Florence art guide

The Sacristies

Chancel and the Sacristies
The Chancel and the Sacristies


The interior of the Cathedral contains two sacristies behind the main altar, called "of the Canonici" (or old sacristy) and "of the Messe" (or new sacristy), where Lorenzo the Magnificent hid on Easter morning in 1478 to escape from the assassins who had just murdered his brother Giuliano. The "Pazzi Plot", which was an attempt to kill the two young Medici princes during the mass in the Cathedral, was also foiled thanks to the quick reaction of Lorenzo's friend Agnolo Poliziano, who pushed him into the sacristy, barricaded the door and held out with a few friends until all the conspiritors had fled, after being set upon in their turn by the infuriated public in the church.

lunette in the Sacresty lunette in the Sacresty
Luca della Robbia, lunette in the Sacresty

The sacristy doors are surmounted with the glazed terracotta lunettes of the Ascension (old sacristy) and the Resurrection (new sacristy) by Luca della Robbia. The artist was also commissioned to carry out the two portals in bronze, a contract that Donatello had already turned down, but only carried out the one for the new sacristy, ordered in 1446 but not cast until 1474, with the help of Michelozzo and Maso di Bartolomeo.

door of the Sacresty
Luca della Robbia,
door of the Sacresty of the Messe

Two splendid marble Choir Lofts by Donatello (1433-38) and Luca della Robbia (1431-35, his first recorded work) were placed immediately above the sacristies until 1688; they are now exhibited in the Museum of the Opera del Duomo. These two masterpieces disclose the different currents developing from the interpretation of classical sculpture: Luca's balcony shows serenity, symmetry and love of detail, while Donatello's choir loft is already anti-classical, and his carefree putti chase each other in a Dionysian dance, reminding us of the late-antique art of the Imperial period.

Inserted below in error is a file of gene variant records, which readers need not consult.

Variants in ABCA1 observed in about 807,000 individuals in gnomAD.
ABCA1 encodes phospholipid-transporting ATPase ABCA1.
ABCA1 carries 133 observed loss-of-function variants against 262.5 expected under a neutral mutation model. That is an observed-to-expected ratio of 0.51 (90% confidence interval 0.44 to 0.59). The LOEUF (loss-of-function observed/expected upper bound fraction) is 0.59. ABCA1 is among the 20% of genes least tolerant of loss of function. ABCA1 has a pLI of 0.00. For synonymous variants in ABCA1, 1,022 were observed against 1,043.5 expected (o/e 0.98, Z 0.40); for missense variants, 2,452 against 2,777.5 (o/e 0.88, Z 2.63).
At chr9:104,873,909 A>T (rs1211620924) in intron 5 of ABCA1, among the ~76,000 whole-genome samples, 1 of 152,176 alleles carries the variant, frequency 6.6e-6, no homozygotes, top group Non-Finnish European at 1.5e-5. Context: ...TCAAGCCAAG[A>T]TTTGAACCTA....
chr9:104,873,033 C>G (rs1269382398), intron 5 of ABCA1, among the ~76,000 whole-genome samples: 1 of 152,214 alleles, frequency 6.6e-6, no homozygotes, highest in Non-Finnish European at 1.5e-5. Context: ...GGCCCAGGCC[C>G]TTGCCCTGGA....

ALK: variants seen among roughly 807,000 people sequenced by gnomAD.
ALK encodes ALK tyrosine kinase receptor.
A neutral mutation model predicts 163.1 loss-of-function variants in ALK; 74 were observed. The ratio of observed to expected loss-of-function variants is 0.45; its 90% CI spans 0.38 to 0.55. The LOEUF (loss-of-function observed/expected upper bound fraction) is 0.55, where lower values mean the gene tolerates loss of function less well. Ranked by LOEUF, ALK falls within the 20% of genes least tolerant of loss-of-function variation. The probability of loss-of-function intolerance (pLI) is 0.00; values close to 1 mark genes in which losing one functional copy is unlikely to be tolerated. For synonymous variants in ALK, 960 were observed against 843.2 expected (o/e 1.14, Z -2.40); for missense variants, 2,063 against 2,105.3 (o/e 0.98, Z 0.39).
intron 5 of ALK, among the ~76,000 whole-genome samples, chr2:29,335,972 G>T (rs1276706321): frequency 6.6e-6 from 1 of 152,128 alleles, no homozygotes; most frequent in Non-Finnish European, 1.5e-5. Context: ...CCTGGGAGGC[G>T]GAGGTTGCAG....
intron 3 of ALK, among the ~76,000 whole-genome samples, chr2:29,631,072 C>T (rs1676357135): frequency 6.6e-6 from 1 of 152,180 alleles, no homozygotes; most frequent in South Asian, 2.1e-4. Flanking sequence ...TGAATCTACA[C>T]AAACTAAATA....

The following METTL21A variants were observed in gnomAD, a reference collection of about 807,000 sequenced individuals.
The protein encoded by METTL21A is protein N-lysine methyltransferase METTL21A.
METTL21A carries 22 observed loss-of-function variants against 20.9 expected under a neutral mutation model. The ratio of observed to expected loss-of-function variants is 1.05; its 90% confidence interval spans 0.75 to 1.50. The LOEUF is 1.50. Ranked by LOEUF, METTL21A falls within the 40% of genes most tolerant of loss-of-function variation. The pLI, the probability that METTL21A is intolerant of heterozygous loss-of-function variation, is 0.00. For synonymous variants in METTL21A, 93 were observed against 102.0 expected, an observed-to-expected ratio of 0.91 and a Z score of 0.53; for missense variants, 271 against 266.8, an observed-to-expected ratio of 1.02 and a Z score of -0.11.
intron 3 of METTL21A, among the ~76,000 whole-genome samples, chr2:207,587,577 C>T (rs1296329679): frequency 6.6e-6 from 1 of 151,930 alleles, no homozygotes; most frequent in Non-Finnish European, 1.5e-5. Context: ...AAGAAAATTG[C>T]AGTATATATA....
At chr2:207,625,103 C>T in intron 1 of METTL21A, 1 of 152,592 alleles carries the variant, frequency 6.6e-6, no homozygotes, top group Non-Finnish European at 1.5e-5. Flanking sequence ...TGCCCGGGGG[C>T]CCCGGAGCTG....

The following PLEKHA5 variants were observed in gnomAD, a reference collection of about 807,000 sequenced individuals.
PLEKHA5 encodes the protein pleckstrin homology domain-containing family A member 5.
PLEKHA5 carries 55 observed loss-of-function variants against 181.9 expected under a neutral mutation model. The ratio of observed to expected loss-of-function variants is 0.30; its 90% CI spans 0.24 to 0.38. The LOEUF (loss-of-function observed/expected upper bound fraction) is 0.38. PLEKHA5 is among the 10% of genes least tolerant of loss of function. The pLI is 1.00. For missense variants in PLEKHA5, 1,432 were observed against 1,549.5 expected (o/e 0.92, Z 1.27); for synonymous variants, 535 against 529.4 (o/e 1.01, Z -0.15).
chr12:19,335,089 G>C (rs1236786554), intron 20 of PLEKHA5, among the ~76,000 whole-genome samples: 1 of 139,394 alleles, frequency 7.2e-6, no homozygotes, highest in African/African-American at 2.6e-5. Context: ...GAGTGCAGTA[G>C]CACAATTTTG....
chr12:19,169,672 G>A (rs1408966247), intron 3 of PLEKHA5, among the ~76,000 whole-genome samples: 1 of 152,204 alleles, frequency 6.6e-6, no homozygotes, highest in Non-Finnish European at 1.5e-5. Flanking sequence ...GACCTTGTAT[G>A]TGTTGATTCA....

Choir Loft
Luca della Robbia,
detail of the Choir Loft

The Sacristy of the Messe contains some lovely inlaid cupboards by Giuliano and Benedetto da Maiano (1463-65), which were designed by Brunelleschi himself with other artists, among them Antonio del Pollaiolo and Alessio Baldovinetti. Some of the other art works here include the head of an angel by Mino da Fiesole and a lavabo by Andrea da Buggiano (1440), Brunelleschi's adopted son.

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